The Fifth Beatle Graphic Novel Review
The Fifth Beatle is a rich, colorful look at the life of Brian Epstein, the manager of the Beatles. Going into the book, I really didn’t know what to expect. Did I need a Beatles history lesson or would the book lead me without a vast knowledge of Beatles lore? I am happy to say I was fine without much backstory and if questions arose, research proved the book to be extremely accurate. As a casual fan of the Beatles, I was excited to have the opportunity to review this book. With limited knowledge of the group’s backstory, The Fifth Beatle fills gaps pertaining to the early years of the Fab Four. From Brian Epstein discovering the boys (a term of endearment given to the band by Epstein) to the band discovering the Maharishi in Bangor, the thrill of being one of the Beatles’ inner circle is ever present. As such, I feel the book provides an amazing history lesson, not only for those with interest in the Beatles, but also for anyone with a desire to uncover the roots of rock music.
The graphic novel begins with Brian Epstein approaching a club in Liverpool. Making eye contact with a sailor, Epstein smiles at the man. Thus begins an overtone used throughout the book dealing with Epstein’s homosexuality and the abuse he took. The man assaults Epstein, causing various injuries and foreshadows a future meeting with a similar individual. Epstein’s family history is briefly explored, with the story then shifting to catching a show with the band and Epstein convincing the teens to allow him to manage them. As the book speeds along, characters from the Beatles’ history appear, such as Ed Sullivan and Colonel Tom Parker, the manager of Elvis Presley. Both are represented in interesting ways, possible as an allegory of how the band viewed them. The finale of the book sums up the feelings Epstein had toward the band and those who were close to him. I found the ending to be heartwarming and very well done, as in the end, each character was given a proper sendoff, with one receiving a surprising twist.
I found the story to be well-written and a tremendous history lesson. The use of metaphors and flashbacks abound, providing insight into the mind of the lead character. The writer obviously conducted years of research, as the book includes slight details only the most meticulous scribe would include. The art drives home the story, giving life to each character while changing in portions to reflect the psyche of the character discussed. I enjoyed the small touches given to each character, from the period clothing to the details on the chair of a certain character. (Read the book to find out who!)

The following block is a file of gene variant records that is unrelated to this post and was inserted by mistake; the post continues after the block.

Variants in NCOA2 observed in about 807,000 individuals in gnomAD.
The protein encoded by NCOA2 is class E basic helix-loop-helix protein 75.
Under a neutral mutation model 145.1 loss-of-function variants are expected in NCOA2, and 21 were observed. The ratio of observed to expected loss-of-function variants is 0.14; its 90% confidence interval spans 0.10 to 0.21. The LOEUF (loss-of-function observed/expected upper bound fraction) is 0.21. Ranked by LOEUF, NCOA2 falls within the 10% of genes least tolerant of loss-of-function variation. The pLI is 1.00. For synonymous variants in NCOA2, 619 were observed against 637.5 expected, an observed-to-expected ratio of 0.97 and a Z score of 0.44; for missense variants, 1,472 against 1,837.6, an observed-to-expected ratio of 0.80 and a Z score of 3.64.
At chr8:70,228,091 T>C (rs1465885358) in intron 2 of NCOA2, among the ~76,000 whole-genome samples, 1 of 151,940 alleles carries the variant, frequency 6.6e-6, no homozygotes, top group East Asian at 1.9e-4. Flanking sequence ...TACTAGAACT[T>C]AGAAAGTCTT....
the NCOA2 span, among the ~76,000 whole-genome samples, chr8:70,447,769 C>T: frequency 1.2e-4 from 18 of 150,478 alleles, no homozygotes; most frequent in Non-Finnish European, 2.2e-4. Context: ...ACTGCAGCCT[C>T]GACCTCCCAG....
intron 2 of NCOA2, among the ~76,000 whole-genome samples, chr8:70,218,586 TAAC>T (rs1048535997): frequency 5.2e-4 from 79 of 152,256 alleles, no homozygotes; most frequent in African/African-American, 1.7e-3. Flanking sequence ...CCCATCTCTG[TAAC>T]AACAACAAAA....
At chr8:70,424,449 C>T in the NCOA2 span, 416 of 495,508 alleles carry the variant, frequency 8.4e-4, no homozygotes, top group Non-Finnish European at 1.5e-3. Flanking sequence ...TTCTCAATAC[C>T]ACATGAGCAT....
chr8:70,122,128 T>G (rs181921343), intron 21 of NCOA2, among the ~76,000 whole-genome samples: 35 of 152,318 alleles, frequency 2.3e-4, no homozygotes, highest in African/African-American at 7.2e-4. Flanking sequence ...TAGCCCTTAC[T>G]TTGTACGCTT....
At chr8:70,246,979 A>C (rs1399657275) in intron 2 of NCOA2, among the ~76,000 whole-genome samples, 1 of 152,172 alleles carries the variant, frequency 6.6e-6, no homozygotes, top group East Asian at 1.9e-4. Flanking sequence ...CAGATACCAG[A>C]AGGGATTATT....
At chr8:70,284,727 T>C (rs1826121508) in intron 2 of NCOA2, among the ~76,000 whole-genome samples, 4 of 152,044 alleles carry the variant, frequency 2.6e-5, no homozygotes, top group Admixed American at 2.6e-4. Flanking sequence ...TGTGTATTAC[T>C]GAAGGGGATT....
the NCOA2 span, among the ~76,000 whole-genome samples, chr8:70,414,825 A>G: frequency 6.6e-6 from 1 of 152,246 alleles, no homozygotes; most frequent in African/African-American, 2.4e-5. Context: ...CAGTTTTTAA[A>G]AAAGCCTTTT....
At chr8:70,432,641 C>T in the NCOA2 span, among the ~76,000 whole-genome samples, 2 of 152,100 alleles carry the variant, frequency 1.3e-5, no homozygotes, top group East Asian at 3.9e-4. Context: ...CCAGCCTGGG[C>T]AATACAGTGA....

There were a few areas I felt the book lacked. In the beginning, the Beatles essentially had the same personality, many times saying the same phrases together. This reminded me of the Animaniacs cartoon characters, in that they typically were being mischievous while the majority of the time speaking in a pun-like manner. As the book goes on, each member’s persona is fleshed out and is richly detailed; I did find the early going to be a bit jarring. The art is amazing, although some may be taken aback at changes mid-book. These changes almost resemble that of a completely different artist and can be difficult to absorb at first. Finally, I felt the character of Epstein was almost one-track throughout the book. Even while arguing with others he maintained the same modulation of speech and still sounded happy. The character never changed throughout, though he had many demons at his door.
While the Fifth Beatle is not perfect, I would highly recommend this colorful look into the life of the manager of one of the most influential bands of all time. Writer Vivek Tiwary shows a passion for the subject, crafting a classic story of the tribulations and rewards of putting a lifetime into one’s dreams. From the brutal introduction to the tear-inducing finale, the Fifth Beatle is an amazing tale of hard work and the trials presented by attempting to make the impossible possible.
Rating- 8.5 out of 10